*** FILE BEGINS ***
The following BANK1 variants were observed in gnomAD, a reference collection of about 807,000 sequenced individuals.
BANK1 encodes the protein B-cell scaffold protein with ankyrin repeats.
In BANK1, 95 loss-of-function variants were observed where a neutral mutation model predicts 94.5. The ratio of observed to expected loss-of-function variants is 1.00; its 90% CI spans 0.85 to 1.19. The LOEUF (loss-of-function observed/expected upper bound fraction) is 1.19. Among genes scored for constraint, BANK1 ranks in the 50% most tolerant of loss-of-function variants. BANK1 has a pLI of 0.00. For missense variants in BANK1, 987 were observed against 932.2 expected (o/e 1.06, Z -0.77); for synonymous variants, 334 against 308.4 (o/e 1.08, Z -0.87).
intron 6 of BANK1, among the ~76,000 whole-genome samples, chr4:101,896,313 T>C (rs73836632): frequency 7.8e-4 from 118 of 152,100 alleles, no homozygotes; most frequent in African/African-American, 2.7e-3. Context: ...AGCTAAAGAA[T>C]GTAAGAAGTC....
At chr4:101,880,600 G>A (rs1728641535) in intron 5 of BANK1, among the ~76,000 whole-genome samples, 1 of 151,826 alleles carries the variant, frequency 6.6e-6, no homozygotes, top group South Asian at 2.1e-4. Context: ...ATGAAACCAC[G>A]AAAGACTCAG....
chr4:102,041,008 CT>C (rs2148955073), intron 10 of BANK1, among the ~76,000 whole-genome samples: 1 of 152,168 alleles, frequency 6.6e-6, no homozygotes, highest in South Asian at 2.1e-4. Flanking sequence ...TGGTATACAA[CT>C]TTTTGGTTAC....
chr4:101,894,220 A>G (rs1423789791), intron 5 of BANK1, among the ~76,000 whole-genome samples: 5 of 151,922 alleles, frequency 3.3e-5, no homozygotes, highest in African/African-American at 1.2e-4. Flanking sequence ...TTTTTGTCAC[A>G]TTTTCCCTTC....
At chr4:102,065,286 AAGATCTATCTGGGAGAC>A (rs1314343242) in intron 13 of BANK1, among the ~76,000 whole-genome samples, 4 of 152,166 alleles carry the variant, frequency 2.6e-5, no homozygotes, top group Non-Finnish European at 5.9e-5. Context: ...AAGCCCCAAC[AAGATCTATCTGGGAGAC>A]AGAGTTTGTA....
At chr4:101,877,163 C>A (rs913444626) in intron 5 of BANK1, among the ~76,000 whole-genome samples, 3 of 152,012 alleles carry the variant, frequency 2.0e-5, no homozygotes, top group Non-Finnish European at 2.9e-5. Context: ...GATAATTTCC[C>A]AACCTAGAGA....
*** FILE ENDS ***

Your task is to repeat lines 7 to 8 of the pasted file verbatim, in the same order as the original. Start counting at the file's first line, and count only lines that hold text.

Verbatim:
chr4:101,894,220 A>G (rs1423789791), intron 5 of BANK1, among the ~76,000 whole-genome samples: 5 of 151,922 alleles, frequency 3.3e-5, no homozygotes, highest in African/African-American at 1.2e-4. Flanking sequence ...TTTTTGTCAC[A>G]TTTTCCCTTC....
At chr4:102,065,286 AAGATCTATCTGGGAGAC>A (rs1314343242) in intron 13 of BANK1, among the ~76,000 whole-genome samples, 4 of 152,166 alleles carry the variant, frequency 2.6e-5, no homozygotes, top group Non-Finnish European at 5.9e-5. Context: ...AAGCCCCAAC[AAGATCTATCTGGGAGAC>A]AGAGTTTGTA....